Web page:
dimanche 17 janvier 2010

An Ode to Manitoba (in the style of Manitoba’s own The Weakerthans)

The idea of going to Manitoba, in the dead of winter, was a joke. Maybe not a joke, but it was incredible, too far away from Iceland’s spring to be considered seriously. The days passed and it became necessary and tickets were bought as we flew in from across the continent to see our old friends. It was not just time to relive the past: that was impossible and unnecessary - it was time to create new memories.

We took highway 7 through terrible Teulon to Arborg, a town of 1000 people who all know each other but who stay optimistic despite that. The first stop was at the vendor behind the new bar, Eldhús, where you can buy beer at almost any time by ringing the bell. The locals drink Blue or Club and when in Arborg, you do as they do. We were received by the most gracious hosts as though we were long lost cousins and felt at home. Food was in abundance and the first evening saw us go to the new old bar, the one that replaced the one that burned down three years ago, perhaps the greatest tragedy. Our host Joel’s friends came with us and it felt like we met half the town, útlendinga being welcomed by one and all.

The next day, we discovered this place known as New Iceland. A land grant by Governor General Lord Dufferin, a great fan of Iceland, created a special territory for those escaping the volcanoes and famines to the west. We saw the 20 million bee harvesting operation, the Icelandic farms, the Geysir Hall and the world’s 13th biggest lake, Lake Winnipeg. The frozen surface extended past where eyes could see and no matter how far one ventured, they were no nearer the other side. As some returned to the city, Winnipeg, to find another Gamli survivor, my great Cypriot friend Constantinos and I took a ride through the backroads, beer in hand and admired the fields aslumber, waiting for the next year’s crop to fill them again. The evening is spent at Jon Finnson’s Bible Camp where we watch hockey and drink beer, a very Canadian, very Manitoban and very New Icelandic thing to do.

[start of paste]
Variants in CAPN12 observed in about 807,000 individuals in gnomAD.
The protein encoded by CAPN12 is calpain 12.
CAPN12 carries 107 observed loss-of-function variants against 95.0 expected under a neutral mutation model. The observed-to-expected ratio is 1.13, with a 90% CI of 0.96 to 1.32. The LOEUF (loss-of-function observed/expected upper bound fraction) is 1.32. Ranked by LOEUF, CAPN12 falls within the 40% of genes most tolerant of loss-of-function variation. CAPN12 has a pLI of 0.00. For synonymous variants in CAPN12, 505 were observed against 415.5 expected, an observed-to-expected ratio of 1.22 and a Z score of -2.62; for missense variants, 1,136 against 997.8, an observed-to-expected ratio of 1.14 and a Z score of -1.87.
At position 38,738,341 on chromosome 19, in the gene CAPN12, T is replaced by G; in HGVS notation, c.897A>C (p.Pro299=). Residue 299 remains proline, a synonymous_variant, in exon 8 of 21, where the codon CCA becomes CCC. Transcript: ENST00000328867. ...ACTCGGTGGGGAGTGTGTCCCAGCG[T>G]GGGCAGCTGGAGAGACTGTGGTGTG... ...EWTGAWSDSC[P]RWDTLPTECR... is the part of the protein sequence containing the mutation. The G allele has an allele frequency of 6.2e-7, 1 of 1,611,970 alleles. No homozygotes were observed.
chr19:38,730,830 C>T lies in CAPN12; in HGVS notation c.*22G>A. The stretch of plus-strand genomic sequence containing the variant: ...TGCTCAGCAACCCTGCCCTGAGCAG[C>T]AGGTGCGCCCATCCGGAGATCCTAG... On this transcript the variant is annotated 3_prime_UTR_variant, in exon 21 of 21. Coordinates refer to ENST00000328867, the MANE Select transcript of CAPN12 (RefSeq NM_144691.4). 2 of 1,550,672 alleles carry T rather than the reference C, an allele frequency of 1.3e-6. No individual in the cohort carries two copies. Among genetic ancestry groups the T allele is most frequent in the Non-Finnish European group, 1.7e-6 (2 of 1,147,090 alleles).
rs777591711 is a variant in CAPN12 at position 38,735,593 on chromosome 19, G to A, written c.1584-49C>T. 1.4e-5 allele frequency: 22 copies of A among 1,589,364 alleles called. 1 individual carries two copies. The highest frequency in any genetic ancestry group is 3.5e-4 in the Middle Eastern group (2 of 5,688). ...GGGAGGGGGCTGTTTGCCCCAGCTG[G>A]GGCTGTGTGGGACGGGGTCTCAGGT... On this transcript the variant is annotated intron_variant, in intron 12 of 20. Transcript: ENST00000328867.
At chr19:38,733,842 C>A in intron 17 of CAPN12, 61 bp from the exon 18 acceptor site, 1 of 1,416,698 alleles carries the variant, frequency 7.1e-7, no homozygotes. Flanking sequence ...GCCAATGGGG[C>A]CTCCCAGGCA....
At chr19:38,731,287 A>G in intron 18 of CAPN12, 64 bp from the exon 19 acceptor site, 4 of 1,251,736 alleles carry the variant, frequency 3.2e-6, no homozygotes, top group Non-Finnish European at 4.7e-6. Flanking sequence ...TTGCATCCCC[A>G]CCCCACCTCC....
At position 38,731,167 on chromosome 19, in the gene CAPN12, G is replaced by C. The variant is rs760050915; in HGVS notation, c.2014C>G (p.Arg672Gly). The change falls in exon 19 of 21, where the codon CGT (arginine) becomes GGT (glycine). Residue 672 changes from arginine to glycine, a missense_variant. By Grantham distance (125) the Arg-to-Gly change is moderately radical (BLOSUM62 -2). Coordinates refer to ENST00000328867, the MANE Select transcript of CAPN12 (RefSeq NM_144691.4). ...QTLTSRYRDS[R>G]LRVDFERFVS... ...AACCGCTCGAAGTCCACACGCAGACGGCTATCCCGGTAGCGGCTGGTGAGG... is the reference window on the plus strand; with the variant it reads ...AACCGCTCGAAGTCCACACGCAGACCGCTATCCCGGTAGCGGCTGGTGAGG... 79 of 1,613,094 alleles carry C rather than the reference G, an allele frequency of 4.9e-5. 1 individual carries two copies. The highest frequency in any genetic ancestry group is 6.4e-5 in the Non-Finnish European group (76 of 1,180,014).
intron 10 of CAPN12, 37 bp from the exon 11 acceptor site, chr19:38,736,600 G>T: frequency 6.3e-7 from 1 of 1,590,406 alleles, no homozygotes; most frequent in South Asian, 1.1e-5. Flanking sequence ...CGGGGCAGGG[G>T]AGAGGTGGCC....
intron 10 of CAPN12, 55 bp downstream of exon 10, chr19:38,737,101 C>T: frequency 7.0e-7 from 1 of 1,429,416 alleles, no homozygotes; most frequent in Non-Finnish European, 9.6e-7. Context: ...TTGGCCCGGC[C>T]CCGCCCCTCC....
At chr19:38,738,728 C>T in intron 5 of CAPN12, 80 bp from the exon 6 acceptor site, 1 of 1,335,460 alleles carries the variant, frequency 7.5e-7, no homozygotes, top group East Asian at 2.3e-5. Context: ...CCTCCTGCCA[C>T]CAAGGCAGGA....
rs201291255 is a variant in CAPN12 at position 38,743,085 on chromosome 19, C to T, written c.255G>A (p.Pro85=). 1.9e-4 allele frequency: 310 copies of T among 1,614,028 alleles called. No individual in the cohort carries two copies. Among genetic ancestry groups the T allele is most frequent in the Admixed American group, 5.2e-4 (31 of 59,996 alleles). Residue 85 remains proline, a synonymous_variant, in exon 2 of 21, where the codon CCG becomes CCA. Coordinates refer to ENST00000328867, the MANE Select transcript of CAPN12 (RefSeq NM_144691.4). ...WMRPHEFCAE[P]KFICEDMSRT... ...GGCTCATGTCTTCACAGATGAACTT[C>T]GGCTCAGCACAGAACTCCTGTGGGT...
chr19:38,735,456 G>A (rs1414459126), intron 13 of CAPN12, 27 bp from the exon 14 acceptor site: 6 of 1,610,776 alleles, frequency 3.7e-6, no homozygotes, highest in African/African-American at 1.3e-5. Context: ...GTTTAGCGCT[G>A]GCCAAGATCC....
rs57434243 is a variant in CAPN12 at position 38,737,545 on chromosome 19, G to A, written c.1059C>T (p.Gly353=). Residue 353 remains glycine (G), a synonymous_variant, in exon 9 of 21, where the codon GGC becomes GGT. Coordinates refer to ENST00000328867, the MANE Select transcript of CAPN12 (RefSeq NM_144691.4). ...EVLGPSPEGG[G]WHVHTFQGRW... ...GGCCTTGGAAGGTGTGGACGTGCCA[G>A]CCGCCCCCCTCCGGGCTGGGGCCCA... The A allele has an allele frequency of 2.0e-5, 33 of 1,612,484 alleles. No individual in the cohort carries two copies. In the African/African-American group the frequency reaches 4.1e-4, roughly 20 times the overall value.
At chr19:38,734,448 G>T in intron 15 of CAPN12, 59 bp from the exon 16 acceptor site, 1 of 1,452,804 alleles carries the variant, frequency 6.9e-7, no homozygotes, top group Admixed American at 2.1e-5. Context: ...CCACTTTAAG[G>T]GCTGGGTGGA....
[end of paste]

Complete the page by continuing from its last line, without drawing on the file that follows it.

The next day is New Year’s Eve and a trip to see Stinky the cat is all we need before we head into the city again for the night’s big party. Last year, we were in Reykjavik to see fireworks explode for hours on end, but tonight we’ll be at the Vietnamese Paradise to create some own fiery magic of our own. Manitoba’s largest hotel chain, Canadinn has two rooms for us and we order too much pizza to drink with our vendor bought Blue. We are the party as we arrive and create havoc and the night spins deep as the DJs do. The year is at its best as it ends and 2010 arrives with noise and drinks. At three we return to the hotel to continue the party. It lasts till 5 and when the morning comes, it is absolute ass.

A great party that took everything we could give it leaves us nothing for the next morning but we manage to see the Forks, Portage and Main and the new museum of human rights that is being built. After a nice lunch, we visit the Museum of Man and Nature and Man and itoba…it is a day to laugh at lame jokes. After three hours, two references to Icelanders and one tired bunch, we head to Tim Horton’s and Valour Road then start the goodbyes.

Back to New Iceland for one last night before we all disappear again to our different corners of the world until the next time. We watch Canada’s women beat the American’s with Laura Fridfinnson who should have been on the ice but offered us her expert analysis instead. After a movie and a Corner Gas marathon, we lose members quickly and by noon we are all on a plane to escape from -41 winds and ice. This reunion was so quick, but so necessary. And next year Europe shall host us.

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